Since its introduction in 1999, the WOMEX Award has been honouring high points of world music on the international level. Musical excellence, social importance, commercial success, political impact, lifetime achievement – any or all of these might make one a worthy recipient.
WOMEX presents three Awards every year:
Already an institution in its 6th year, the annual WOMEX Label Award is hotly contested and warmly anticipated by all who value the contributions of independent record labels.
The WOMEX 11 Label Award goes to…
world village / Le Chant du Monde / harmonia mundi (France/USA/UK/Spain)
world village / Le Chant du Monde / harmonia mundi received their award on Sunday morning, 30 October 2011, at the Award Ceremony accompanied by a WOMEX Networking Breakfast, both open to WOMEX delegates only.
Founded in 2001, the winner of multiple Grammy and Latin Grammy Awards and the WOMEX 10 Label Award - world village - has made an indelible mark on the international music scene. The world village catalogue is truly without borders.
The recipient of the WOMEX 11 Professional Excellence Award this year is Francis Falceto, originator and curator of the Ethiopiques series of cds and the music of Ethiopia’s greatest champion.
He will receive his Award on Sunday morning, 30 October 2011, at the Award Ceremony accompanied by a WOMEX Networking Breakfast, both open to WOMEX delegates only. The laudation will be offered by writer and producer Joe Boyd (UK). We will let him take over from here:
Falceto has single-handedly brought Ethiopian music to the forefront of world music consciousness. In addition to the CD series that now numbers 27 volumes, he has organized concerts and tours, an annual festival in Addis Ababa, published the book “Abyssinie Swing”, created a documentary film of the same name and brought Western musicians intrigued by the music to Ethiopia.
WOMEX is proud to announce the winner of the WOMEX 11 Artist Award: Hugh Masekela, the trumpet prodigy, fiery denouncer of Apartheid and Afro-jazz pioneer from South Africa.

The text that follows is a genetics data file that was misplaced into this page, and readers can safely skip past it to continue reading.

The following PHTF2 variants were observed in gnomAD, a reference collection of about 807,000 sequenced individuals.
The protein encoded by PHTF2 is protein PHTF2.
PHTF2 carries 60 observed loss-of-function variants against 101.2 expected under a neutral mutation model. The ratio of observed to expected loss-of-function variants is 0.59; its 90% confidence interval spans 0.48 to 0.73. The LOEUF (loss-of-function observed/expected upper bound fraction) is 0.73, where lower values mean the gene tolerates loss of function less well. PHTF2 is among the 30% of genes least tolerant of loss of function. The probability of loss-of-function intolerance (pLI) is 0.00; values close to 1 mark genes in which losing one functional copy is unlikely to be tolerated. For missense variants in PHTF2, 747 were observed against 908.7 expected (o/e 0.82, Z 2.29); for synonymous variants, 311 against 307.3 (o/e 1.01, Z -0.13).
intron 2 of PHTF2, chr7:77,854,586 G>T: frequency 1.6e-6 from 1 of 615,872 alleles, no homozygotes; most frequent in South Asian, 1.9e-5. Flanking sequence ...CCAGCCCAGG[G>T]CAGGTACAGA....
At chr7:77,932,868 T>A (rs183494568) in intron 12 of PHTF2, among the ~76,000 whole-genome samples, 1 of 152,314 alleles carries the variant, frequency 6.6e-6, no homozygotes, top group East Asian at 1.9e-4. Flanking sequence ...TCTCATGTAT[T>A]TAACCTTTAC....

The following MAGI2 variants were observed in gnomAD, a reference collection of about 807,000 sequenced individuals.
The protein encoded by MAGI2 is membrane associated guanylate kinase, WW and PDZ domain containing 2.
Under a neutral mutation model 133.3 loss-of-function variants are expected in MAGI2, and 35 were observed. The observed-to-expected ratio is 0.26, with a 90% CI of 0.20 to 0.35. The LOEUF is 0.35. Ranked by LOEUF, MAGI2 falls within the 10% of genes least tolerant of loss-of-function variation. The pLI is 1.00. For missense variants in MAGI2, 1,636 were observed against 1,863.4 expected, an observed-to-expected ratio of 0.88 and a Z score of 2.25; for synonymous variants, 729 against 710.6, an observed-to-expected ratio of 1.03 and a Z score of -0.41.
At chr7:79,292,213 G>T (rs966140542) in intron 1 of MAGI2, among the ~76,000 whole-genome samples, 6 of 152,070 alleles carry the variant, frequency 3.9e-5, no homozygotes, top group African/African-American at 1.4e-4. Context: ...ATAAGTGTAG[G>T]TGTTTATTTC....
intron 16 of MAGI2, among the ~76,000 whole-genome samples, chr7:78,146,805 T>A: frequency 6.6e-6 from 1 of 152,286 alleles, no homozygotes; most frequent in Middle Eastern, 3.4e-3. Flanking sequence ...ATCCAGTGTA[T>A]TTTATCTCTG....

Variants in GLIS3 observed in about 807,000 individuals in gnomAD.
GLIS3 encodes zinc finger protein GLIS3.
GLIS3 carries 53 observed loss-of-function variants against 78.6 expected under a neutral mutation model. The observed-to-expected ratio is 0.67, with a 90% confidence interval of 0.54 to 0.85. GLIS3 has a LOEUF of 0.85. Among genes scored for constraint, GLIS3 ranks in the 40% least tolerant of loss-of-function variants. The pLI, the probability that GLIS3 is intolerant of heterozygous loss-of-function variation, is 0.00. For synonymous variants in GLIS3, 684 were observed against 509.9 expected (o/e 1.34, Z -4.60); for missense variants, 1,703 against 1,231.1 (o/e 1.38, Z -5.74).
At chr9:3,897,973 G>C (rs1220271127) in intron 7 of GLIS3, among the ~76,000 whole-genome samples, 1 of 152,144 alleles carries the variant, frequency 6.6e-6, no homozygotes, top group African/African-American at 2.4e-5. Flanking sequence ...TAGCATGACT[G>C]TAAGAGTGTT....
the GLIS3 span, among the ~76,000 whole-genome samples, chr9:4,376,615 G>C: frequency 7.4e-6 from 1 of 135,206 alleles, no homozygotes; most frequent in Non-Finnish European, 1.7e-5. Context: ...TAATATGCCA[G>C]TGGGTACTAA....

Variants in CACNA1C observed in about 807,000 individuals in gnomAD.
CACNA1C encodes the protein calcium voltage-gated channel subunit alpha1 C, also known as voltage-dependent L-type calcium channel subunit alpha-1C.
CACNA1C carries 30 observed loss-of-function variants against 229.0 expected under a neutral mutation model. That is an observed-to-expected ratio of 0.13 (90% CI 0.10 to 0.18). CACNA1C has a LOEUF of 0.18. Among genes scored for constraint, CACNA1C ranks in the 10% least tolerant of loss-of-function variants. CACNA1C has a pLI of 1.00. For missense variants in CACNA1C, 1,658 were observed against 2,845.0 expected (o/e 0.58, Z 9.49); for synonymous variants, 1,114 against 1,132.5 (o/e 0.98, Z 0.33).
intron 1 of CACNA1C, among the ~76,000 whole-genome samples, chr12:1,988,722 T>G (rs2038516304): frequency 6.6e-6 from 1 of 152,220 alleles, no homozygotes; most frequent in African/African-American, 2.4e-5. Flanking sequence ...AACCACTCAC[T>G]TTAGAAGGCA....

He will perform on Sunday morning, 30 October 2011, during the WOMEX Award Ceremony accompanied by a WOMEX Networking Breakfast, both open to WOMEX delegates only. The laudation will be offered by Francis Gay, Head of Music at WDR Funkhaus Europa in Cologne, Germany.
It's extremely demanding to encapsulate the remarkable career of Hugh Masekela in just one paragraph. After all, it's been more than half a century since he first picked up a trumpet and he shows no sign of putting it down yet. It was the instrument that helped him find his voice to sound out against the injustice and suffering inflicted on millions of South Africans by Apartheid and it helped him break out during those dark days to bring a musical communiqué to the rest of the world. From success in the US pop charts in the 60s, through the Afro-jazz experiments of the 70s, returning to Africa and touring with Paul Simon in the 80s and on until today, he has not stopped releasing albums, touring the world and engaging in new collaborative projects. At 72 years young, to paraphrase one of his album titles, the boy's still doin' it!
(Photo of Hugh Masekela: Mark Shoul)
About the WOMEX Award
Being the mother of all awards, and supporting musical creativity and fertility, it is only fitting that the mother of all and everything serves as the symbol for our tributes in the name of the WOMEX Award. Especially when it is represented by a statue that was created at a time when there was no such thing as Asia or Europe, black or white, first world or third. The Award figurine is an ancient mother goddess statue dating back about 6000 years to the Neolithic age. It was found in Haçilar in modern-day Turkey and bears witness to the existence of a matriarchal society. Such a female goddess appears in many ancient mythologies as an initial primal figure, representing fertility and procreation either as the earth itself or as a mother giving birth to the world and all the creatures in it.
The WOMEX Award and the figure that represents it stand for life itself. Life is what music is all about … or should that be: music is what life is all about?
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